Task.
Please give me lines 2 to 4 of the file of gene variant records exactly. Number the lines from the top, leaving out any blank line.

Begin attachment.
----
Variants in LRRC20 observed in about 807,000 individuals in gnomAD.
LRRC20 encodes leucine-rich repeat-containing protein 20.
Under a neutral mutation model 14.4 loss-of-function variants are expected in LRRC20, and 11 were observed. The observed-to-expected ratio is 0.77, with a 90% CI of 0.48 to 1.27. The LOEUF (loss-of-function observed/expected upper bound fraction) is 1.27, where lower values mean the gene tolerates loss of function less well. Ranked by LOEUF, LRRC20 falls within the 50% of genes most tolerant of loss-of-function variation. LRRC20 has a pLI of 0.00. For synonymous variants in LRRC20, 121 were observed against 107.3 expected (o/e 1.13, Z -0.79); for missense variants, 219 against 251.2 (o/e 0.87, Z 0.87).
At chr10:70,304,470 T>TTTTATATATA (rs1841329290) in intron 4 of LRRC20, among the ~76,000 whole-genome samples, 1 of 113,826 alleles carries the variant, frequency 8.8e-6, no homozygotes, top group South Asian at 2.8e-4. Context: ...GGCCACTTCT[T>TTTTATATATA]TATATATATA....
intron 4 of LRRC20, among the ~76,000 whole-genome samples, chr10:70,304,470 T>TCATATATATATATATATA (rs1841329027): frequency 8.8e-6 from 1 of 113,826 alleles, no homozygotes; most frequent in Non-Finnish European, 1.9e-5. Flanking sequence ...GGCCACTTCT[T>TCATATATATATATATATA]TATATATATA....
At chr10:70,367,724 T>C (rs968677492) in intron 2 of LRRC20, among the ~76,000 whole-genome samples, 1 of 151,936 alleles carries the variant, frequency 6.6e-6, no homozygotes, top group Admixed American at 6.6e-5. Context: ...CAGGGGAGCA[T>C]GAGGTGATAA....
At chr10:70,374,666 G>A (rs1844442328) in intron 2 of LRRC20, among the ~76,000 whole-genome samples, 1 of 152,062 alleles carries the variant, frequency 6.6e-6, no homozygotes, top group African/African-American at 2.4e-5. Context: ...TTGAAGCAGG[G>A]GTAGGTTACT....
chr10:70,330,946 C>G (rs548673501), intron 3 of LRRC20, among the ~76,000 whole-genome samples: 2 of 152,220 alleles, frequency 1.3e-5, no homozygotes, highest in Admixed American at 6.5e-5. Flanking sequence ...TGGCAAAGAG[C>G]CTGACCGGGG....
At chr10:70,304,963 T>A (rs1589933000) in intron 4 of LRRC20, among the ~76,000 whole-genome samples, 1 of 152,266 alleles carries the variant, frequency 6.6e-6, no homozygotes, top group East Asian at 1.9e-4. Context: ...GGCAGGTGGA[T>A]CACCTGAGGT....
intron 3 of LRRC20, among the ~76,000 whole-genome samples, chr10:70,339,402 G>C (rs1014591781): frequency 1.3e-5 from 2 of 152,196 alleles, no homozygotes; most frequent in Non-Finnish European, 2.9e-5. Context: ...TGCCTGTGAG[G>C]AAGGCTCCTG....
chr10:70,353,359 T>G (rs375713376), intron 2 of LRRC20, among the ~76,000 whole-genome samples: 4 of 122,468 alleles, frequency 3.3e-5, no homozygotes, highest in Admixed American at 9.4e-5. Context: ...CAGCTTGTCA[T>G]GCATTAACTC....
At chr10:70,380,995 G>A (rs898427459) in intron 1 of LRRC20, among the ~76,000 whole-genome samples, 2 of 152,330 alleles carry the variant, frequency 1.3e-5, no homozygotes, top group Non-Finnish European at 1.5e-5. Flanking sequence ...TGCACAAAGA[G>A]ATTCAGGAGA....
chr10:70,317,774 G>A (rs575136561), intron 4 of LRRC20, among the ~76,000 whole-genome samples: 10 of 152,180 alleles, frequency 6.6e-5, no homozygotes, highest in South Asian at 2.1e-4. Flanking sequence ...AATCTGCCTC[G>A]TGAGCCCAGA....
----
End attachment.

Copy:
LRRC20 encodes leucine-rich repeat-containing protein 20.
Under a neutral mutation model 14.4 loss-of-function variants are expected in LRRC20, and 11 were observed. The observed-to-expected ratio is 0.77, with a 90% CI of 0.48 to 1.27. The LOEUF (loss-of-function observed/expected upper bound fraction) is 1.27, where lower values mean the gene tolerates loss of function less well. Ranked by LOEUF, LRRC20 falls within the 50% of genes most tolerant of loss-of-function variation. LRRC20 has a pLI of 0.00. For synonymous variants in LRRC20, 121 were observed against 107.3 expected (o/e 1.13, Z -0.79); for missense variants, 219 against 251.2 (o/e 0.87, Z 0.87).
At chr10:70,304,470 T>TTTTATATATA (rs1841329290) in intron 4 of LRRC20, among the ~76,000 whole-genome samples, 1 of 113,826 alleles carries the variant, frequency 8.8e-6, no homozygotes, top group South Asian at 2.8e-4. Context: ...GGCCACTTCT[T>TTTTATATATA]TATATATATA....